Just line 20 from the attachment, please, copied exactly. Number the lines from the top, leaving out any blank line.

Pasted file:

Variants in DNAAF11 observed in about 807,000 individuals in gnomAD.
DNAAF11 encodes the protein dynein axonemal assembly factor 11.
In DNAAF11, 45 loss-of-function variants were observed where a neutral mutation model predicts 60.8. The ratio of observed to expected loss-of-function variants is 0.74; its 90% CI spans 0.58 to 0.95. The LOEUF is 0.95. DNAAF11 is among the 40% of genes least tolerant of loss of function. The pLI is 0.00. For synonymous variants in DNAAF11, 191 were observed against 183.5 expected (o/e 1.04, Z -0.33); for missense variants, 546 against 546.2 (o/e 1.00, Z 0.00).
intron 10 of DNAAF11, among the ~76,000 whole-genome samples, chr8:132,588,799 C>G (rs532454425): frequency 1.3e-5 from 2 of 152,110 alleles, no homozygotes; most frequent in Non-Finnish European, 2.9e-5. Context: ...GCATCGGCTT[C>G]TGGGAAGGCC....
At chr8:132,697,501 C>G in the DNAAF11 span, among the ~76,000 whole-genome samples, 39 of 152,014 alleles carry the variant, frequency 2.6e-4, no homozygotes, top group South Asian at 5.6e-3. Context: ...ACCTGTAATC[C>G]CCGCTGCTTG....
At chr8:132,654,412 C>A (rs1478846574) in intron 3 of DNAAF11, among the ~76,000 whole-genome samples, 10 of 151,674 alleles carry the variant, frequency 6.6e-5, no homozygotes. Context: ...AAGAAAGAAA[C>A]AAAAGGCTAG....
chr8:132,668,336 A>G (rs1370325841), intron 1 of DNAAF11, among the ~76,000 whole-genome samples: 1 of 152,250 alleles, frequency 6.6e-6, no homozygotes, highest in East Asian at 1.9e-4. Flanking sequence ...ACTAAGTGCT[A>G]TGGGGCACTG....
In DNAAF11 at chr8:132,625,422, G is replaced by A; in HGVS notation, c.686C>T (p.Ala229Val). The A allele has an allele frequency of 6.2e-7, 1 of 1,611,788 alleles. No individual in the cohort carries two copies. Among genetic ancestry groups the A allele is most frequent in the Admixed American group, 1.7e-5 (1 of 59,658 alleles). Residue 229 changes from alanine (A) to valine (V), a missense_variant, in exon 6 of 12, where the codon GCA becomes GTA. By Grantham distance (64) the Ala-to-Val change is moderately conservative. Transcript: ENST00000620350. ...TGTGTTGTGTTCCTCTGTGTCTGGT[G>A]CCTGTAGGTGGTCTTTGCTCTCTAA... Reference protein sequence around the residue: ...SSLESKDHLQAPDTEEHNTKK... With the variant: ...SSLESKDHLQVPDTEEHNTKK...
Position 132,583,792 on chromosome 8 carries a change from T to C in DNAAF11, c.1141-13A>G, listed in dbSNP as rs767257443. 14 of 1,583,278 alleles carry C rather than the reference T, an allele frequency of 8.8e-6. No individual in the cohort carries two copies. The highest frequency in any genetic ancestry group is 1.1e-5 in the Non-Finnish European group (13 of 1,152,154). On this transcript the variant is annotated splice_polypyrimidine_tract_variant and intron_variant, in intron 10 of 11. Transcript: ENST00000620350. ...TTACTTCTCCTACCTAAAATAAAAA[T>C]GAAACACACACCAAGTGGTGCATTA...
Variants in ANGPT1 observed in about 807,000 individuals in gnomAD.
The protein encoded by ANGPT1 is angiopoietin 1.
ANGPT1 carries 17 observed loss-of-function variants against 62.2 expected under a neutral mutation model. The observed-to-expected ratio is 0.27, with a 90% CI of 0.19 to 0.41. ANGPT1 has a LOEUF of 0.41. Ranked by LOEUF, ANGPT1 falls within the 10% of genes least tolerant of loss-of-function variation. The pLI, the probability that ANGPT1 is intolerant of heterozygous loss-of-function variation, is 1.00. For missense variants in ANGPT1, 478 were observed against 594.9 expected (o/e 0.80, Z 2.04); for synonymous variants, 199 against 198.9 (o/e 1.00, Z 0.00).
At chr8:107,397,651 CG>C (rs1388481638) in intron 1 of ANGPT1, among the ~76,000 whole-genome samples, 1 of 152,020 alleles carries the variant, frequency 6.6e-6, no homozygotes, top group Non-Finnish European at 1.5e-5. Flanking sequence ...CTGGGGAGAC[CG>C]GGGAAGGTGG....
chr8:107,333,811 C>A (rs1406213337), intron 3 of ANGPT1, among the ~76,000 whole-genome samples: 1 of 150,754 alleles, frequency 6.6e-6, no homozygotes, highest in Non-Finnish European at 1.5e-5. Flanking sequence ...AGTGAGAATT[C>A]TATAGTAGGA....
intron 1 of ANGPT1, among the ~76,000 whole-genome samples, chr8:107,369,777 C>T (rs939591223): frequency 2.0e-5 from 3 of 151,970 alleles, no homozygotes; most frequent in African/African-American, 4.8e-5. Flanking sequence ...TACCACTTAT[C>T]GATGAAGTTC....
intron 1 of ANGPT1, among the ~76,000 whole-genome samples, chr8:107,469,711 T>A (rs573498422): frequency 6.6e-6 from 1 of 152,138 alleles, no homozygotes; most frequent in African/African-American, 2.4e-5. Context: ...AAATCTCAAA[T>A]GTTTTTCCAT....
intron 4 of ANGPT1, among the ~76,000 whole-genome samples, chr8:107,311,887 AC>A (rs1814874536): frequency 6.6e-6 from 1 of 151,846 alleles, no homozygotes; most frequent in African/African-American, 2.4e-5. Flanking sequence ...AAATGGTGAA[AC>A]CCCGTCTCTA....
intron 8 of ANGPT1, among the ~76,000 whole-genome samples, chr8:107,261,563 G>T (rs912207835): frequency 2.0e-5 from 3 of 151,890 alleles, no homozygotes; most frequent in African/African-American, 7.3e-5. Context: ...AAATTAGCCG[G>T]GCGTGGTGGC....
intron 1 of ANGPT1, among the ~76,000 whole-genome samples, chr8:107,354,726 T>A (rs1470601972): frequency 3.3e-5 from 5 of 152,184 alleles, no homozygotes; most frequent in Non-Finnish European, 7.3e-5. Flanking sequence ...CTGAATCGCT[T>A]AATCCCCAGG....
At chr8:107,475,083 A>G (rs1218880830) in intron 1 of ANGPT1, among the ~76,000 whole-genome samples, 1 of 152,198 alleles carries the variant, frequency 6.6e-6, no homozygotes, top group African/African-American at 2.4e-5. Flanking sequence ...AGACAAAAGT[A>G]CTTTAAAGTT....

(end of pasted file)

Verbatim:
At chr8:107,475,083 A>G (rs1218880830) in intron 1 of ANGPT1, among the ~76,000 whole-genome samples, 1 of 152,198 alleles carries the variant, frequency 6.6e-6, no homozygotes, top group African/African-American at 2.4e-5. Flanking sequence ...AGACAAAAGT[A>G]CTTTAAAGTT....